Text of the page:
According to the appendix [to the panel report], Columbia's brush with
  disaster ... occurred when Lockheed Space Operations Co. workers 
  "inadvertently" drained super-cold oxygen from the shuttle's external tank
  5 minutes before the scheduled launch.  The workers misread computer
  evidence of a failed valve and allowed a fuel line to remain open.  The
  leak was detected when the cold oxygen caused a temperature gauge to drop
  below approved levels, but not until 31 seconds before the launch was the
  liftoff scrubbed.

    NASA said then that the liftoff was scrubbed [until January 12] because
  computer problems delayed the closing of a valve.  Space agency
  spokeswoman Shirley Green said yesterday that the fuel loss did not become
  apparent until much later.

The NY Times (same day) noted that the potentially catastrophic launch of the
Columbia without adequate fuel to reach its intended orbit could be blamed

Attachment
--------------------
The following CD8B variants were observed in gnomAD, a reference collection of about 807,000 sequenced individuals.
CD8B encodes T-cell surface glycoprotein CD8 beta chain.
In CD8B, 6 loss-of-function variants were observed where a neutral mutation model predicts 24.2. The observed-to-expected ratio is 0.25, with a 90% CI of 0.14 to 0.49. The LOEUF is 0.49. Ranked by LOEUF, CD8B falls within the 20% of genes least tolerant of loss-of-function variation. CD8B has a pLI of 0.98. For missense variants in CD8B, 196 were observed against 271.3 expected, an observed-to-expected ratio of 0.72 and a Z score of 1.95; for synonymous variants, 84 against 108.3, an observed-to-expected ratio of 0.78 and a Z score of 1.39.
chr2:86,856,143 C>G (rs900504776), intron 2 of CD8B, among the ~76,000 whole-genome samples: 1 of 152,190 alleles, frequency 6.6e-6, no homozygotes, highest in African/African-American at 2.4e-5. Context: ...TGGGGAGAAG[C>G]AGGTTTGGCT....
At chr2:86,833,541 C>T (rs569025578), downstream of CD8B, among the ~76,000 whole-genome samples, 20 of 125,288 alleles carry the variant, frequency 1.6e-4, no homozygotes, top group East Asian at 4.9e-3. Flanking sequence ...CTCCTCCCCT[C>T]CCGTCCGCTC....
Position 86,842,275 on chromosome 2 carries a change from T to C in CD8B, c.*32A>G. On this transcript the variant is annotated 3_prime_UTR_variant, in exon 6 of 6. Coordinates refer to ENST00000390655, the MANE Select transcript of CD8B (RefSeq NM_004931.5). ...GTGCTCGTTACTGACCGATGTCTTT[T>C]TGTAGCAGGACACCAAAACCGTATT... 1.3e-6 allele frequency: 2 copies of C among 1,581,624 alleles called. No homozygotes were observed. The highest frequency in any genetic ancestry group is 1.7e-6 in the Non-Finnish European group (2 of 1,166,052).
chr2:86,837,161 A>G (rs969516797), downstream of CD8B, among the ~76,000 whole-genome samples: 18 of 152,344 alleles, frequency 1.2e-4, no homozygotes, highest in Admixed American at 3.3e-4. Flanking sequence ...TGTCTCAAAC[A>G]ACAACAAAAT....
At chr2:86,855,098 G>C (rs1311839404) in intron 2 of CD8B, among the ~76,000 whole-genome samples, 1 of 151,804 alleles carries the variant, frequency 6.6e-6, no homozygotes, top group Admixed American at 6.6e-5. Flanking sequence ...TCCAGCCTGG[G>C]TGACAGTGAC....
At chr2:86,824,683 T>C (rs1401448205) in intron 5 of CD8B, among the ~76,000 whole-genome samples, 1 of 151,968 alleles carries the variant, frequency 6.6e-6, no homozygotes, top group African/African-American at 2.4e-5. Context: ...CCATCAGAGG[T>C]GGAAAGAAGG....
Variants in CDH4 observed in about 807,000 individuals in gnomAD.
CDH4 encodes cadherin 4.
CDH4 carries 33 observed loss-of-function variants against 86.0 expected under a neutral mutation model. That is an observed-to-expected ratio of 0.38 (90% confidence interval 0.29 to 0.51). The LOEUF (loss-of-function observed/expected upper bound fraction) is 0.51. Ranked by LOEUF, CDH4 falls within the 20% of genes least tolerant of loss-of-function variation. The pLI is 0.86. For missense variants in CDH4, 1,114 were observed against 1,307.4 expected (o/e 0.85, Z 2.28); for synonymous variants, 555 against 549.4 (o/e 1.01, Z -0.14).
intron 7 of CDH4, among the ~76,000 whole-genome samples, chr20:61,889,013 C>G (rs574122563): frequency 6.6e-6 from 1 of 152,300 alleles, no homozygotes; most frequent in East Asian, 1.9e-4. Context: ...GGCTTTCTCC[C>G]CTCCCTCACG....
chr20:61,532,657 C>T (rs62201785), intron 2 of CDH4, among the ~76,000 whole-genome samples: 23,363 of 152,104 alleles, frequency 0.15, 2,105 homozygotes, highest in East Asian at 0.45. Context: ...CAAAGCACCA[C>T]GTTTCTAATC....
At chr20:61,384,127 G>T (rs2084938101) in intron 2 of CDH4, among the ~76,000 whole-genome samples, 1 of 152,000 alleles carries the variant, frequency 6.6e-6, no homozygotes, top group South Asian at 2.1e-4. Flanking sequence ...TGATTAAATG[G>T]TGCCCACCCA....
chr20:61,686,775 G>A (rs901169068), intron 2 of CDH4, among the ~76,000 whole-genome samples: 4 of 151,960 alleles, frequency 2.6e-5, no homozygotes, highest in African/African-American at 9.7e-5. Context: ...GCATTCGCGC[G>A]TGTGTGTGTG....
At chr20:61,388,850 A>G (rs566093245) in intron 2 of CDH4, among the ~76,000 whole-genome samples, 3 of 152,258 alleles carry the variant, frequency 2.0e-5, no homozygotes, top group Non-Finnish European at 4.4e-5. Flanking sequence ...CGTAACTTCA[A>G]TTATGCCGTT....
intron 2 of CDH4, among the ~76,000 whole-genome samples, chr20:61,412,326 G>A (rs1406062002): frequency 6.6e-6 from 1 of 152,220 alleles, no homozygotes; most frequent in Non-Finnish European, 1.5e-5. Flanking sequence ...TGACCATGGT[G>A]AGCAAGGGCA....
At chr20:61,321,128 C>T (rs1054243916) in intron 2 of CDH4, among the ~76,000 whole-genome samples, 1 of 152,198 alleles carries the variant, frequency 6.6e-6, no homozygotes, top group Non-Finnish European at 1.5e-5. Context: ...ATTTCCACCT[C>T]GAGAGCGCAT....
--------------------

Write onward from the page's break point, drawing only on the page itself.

on human error caused by fatigue.  "Investigators also concluded that many
key people working for NASA and its contractors work an excessive amount of 
overtime that has the potential for causing catastrophic errors in judgment."

The Chronicle article goes on to state, quoting the panel report, that
fatigue may also have contributed "significantly" to the disputed decision
by NASA and Thiokol officials to launch the Challenger in cold weather --
despite strong evidence that the O-ring booster seals were ineffective.  The
panel said "certain key managers obtained only minimal sleep the night
before the teleconference" in which the fatal decision was made.
Furthermore, a study of 2900 workers' timecards in the weeks before that